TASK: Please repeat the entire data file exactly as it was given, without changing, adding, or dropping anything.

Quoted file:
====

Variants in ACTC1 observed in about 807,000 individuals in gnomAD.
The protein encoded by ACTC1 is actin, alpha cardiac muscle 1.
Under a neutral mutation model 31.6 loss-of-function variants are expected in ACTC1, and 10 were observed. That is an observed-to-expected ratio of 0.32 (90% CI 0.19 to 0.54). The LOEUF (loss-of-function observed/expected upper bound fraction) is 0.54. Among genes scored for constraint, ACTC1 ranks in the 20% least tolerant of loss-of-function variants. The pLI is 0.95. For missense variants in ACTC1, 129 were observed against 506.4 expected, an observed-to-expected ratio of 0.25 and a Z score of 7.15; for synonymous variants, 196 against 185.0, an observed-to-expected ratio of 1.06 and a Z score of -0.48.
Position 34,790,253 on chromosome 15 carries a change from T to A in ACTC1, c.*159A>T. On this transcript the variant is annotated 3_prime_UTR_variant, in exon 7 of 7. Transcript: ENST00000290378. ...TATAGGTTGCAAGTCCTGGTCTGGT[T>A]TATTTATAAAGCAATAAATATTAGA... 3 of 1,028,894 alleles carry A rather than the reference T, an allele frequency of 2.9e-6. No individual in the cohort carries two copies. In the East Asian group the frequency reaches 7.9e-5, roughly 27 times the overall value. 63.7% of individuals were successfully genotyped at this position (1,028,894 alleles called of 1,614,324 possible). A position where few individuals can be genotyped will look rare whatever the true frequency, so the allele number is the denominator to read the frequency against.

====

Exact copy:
Variants in ACTC1 observed in about 807,000 individuals in gnomAD.
The protein encoded by ACTC1 is actin, alpha cardiac muscle 1.
Under a neutral mutation model 31.6 loss-of-function variants are expected in ACTC1, and 10 were observed. That is an observed-to-expected ratio of 0.32 (90% CI 0.19 to 0.54). The LOEUF (loss-of-function observed/expected upper bound fraction) is 0.54. Among genes scored for constraint, ACTC1 ranks in the 20% least tolerant of loss-of-function variants. The pLI is 0.95. For missense variants in ACTC1, 129 were observed against 506.4 expected, an observed-to-expected ratio of 0.25 and a Z score of 7.15; for synonymous variants, 196 against 185.0, an observed-to-expected ratio of 1.06 and a Z score of -0.48.
Position 34,790,253 on chromosome 15 carries a change from T to A in ACTC1, c.*159A>T. On this transcript the variant is annotated 3_prime_UTR_variant, in exon 7 of 7. Transcript: ENST00000290378. ...TATAGGTTGCAAGTCCTGGTCTGGT[T>A]TATTTATAAAGCAATAAATATTAGA... 3 of 1,028,894 alleles carry A rather than the reference T, an allele frequency of 2.9e-6. No individual in the cohort carries two copies. In the East Asian group the frequency reaches 7.9e-5, roughly 27 times the overall value. 63.7% of individuals were successfully genotyped at this position (1,028,894 alleles called of 1,614,324 possible). A position where few individuals can be genotyped will look rare whatever the true frequency, so the allele number is the denominator to read the frequency against.